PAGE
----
That is one notch against the game and the claim than the game allows you to do anything you can imagine, you can't hide from anyone that is supposed to try to kill you, because they detect you as if you show up on radar. Examples of games that have better AI for detection than this game are Metal Gear Solid, and Tenchu 1+2.

Other comparable games to GTA3's driving mode are Carmageddon 2, Midtown Madness, and Driver. Carmageddon 2 has all of the gore elements of running over pedestrians, violent crashes and vehicle damage, while Driver actually pioneered the mission style structures that the driving missions, with the exception of the ones that make you get out and shoot, that GTA3 has. Also, in Driver, it is possible to hide from the cops even while you are wanted, because they have a detection program similar to MGS and Tenchu's. All three games are in large cityscapes as well.

City simulation:

Shenmue, is probably the best example of another game that shoots for making a living breathing city, while blending genres for the gameplay. Shenmue takes a Resident Evil/Detective/RPG/Beatem-up game and puts it into several huge cities where you can actually talk to anybody, and everybody has something real to do that day. You can go into almost any building, and look closely at or even handle tons of objects.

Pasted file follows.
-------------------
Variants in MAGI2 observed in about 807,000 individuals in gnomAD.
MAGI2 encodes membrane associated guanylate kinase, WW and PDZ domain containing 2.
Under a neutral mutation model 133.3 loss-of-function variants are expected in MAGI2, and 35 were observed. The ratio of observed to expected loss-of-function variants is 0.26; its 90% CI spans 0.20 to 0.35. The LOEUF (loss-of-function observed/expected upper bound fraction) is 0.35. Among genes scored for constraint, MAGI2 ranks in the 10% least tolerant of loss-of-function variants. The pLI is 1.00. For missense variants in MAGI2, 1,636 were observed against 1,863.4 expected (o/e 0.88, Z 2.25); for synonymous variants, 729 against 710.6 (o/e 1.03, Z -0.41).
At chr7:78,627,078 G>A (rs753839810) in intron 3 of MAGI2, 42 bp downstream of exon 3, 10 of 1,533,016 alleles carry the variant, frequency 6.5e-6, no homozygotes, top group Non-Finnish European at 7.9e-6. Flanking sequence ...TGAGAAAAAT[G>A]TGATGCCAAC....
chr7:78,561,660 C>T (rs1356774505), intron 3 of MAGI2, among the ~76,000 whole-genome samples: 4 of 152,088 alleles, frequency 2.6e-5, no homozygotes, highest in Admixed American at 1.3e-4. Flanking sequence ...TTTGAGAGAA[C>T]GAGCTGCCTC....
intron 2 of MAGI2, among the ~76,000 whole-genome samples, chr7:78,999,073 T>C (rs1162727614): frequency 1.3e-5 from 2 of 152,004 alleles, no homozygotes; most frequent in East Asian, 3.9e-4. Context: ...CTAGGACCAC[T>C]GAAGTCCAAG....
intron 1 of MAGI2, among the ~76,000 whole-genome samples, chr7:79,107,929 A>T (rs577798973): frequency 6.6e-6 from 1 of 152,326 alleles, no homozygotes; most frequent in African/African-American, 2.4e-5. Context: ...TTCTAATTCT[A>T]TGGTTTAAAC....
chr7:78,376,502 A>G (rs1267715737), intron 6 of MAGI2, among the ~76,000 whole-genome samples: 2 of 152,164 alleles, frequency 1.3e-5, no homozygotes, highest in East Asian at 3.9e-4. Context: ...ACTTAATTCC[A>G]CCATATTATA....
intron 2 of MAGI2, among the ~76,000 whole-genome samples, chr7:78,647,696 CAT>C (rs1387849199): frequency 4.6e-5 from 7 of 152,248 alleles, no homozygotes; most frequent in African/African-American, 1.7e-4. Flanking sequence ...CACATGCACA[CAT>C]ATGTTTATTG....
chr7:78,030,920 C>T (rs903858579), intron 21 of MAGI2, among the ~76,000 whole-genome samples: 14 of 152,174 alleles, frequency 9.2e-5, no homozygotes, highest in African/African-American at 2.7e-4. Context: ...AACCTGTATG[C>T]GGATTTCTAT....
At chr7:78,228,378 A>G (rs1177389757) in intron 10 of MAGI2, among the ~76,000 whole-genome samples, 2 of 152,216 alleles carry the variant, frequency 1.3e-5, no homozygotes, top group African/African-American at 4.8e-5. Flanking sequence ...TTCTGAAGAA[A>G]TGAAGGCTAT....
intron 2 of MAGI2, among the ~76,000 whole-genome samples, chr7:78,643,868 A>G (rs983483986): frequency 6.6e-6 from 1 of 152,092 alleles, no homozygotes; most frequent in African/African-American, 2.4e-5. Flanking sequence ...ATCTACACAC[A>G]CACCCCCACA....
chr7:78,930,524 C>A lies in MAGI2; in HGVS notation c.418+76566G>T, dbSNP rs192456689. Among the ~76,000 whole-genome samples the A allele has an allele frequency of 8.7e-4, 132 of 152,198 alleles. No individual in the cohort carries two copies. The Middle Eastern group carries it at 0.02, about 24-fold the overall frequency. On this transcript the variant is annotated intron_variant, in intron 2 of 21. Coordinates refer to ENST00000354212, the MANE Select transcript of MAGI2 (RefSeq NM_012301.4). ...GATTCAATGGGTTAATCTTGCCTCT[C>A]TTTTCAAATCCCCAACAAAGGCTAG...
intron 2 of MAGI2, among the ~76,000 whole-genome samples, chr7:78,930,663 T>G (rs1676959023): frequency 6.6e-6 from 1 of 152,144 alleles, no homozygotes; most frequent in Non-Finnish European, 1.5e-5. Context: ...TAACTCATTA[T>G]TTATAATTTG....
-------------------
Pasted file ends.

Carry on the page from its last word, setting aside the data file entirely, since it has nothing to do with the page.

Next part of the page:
Shenmue does the whole vast living breathing city thing better because GTA3 just has repetitive generic citizens, that are only there to run over or otherwise maim, and can in no way help you find anybody or anything because you can't talk to them at all. You also can't go into buildings or handle objects other than weapons in GTA3. GTA3 might be a better simulation of a real city than Carmageddon 2, Midtown Madness, or Driver, but it is still in their league and doesn't even attempt to give the city's people or the player something to be doing on the streets, other than commit crimes. In fact, the citizens and other vehicles will completely disappear if they stray too far from your central location, or you don't catch up with them quickly enough.

One thing that has been said for GTA3's city is that it all loads at the beginning, and there are no load times between areas. Shenmue has loads between segments, but only 3-6 second ones, and its usually either to go inside a building or to go to another massive area with hundreds of unique people going about a unique daily routine. Shenmue also has vastly superior texture quality and character models than anything in GTA3, on a system with half the main RAM that the PS2 has.